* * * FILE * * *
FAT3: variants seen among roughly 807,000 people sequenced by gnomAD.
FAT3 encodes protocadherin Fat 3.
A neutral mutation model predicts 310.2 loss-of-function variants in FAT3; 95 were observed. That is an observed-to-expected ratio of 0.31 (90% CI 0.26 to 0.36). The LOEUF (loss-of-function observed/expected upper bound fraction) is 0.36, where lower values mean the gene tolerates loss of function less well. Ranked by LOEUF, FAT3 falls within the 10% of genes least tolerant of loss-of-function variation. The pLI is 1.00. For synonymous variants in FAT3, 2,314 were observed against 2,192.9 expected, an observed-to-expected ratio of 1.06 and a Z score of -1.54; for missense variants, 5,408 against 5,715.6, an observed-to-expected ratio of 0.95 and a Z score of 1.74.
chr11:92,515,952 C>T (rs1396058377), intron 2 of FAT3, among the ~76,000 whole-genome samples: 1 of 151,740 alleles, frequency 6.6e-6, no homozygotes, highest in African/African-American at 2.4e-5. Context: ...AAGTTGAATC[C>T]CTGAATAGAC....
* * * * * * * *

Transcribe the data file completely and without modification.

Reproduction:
FAT3: variants seen among roughly 807,000 people sequenced by gnomAD.
FAT3 encodes protocadherin Fat 3.
A neutral mutation model predicts 310.2 loss-of-function variants in FAT3; 95 were observed. That is an observed-to-expected ratio of 0.31 (90% CI 0.26 to 0.36). The LOEUF (loss-of-function observed/expected upper bound fraction) is 0.36, where lower values mean the gene tolerates loss of function less well. Ranked by LOEUF, FAT3 falls within the 10% of genes least tolerant of loss-of-function variation. The pLI is 1.00. For synonymous variants in FAT3, 2,314 were observed against 2,192.9 expected, an observed-to-expected ratio of 1.06 and a Z score of -1.54; for missense variants, 5,408 against 5,715.6, an observed-to-expected ratio of 0.95 and a Z score of 1.74.
chr11:92,515,952 C>T (rs1396058377), intron 2 of FAT3, among the ~76,000 whole-genome samples: 1 of 151,740 alleles, frequency 6.6e-6, no homozygotes, highest in African/African-American at 2.4e-5. Context: ...AAGTTGAATC[C>T]CTGAATAGAC....